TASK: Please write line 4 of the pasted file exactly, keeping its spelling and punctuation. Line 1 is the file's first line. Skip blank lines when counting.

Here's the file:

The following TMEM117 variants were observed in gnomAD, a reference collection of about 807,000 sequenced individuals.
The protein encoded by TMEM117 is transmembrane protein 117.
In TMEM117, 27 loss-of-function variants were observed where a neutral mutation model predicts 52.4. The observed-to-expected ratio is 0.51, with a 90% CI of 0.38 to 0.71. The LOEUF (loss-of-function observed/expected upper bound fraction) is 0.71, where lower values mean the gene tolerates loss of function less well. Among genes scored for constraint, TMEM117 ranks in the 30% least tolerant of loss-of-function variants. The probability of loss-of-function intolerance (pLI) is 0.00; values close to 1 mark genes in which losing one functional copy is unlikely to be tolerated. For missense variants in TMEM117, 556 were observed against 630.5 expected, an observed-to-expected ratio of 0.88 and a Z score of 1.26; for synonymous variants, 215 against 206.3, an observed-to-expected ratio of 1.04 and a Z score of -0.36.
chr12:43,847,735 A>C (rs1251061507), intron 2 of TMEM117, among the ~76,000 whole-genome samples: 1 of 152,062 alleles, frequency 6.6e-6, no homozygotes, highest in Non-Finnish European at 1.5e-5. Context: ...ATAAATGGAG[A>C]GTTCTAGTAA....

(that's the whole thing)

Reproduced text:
chr12:43,847,735 A>C (rs1251061507), intron 2 of TMEM117, among the ~76,000 whole-genome samples: 1 of 152,062 alleles, frequency 6.6e-6, no homozygotes, highest in Non-Finnish European at 1.5e-5. Context: ...ATAAATGGAG[A>C]GTTCTAGTAA....